EDITOR NOTE–Mr. Alldredge can defend himself, but it appeared to us he was speaking about the philosophy of the two parties rather than their voracity. Also the irony of seeing two news stories with differing views in the same paper on the same day. Your comments about prison and jail are correct, however.

  5. The unmentioned plan is to overbuild capacity then profit by also housing prisoners from other counties/states. Sucker taxpayers fund the very expensive oversized facility but cash flow generated from rent-a-cells quietly goes straight to the county agencies. A very common scam all across the nation. They learn these tips and tricks at the big party town conventions we send them to three times a year.

  6. Andrea’s comment above is PERFECT!
    And it does illustrate the need to educate voters- maybe even for those advocates claiming to be informed about the topic.

    County vs State, yo!

    Hey, I know, how about if all the opponents just go out and ‘educate’ the criminals on how to STOP BREAKING THE LAWS? ha!

  7. Concerned Neighbor
    Jan 20, 2019, 8:28 pm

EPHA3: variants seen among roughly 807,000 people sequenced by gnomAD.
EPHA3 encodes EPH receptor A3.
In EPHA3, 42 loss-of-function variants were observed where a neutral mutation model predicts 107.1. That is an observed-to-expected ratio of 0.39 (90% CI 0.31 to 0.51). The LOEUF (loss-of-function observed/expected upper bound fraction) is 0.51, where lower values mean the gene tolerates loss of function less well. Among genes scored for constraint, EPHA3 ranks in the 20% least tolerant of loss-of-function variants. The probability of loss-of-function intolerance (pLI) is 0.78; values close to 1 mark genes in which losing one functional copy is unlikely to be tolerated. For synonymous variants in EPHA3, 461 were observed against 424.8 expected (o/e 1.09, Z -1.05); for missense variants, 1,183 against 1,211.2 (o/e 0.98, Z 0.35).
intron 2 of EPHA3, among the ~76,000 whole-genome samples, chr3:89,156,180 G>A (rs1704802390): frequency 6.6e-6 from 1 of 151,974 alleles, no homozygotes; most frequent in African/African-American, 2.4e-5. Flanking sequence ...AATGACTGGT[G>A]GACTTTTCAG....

A solution is tents in the desert.
    A solution is mandated school until kids graduate. Also make K-12 year long so that they graduate by 16… bachelor by 19… masters by 21.
    A solution is to shut off 90% of immigration (like Europe) to eliminate the job competition (lowering wages) plaguing our economic lower class.
    A solution is to stop glamorizing drugs and violence.
    A solution is tax paid mental and physical preventive medicine because is has a proven ROI of 100x.

    Lots of solutions out there that have minimal cost.

  8. Paul L Alldredge
    Jan 21, 2019, 2:58 pm

    I think it important for taxpayers to keep in mind that it costs roughly $100/day to keep someone in jail or prison. (Ada County Sheriff acknowledges it costs their taxpayers $97.50/day to keep someone in jail.) Not using alternative sentences for minor misdemeanor offenses is an affront to taxpayers. Overbuilding jails with the majority of beds that are cells v. dorm beds is wrong. I recognize a need for more jail beds but the plan offered up by the current commissioners is an affront to anyone’s intelligence with bed costs of nearly $200k per jail bed. Going into a jail for hire scheme at taxpayer expense is also wrongheaded.

  9. Michael Murray
    Jan 21, 2019, 8:29 pm

    That is the 800 lb gorilla, that the motivation for building jails that are outsized to the popuation they serve is usually for the purpose of extra revenue by housing federal or state detainees. Judge Burdick has been around tha block a time or two. Time to listen to the experts. States cannot incarcerate their problems away.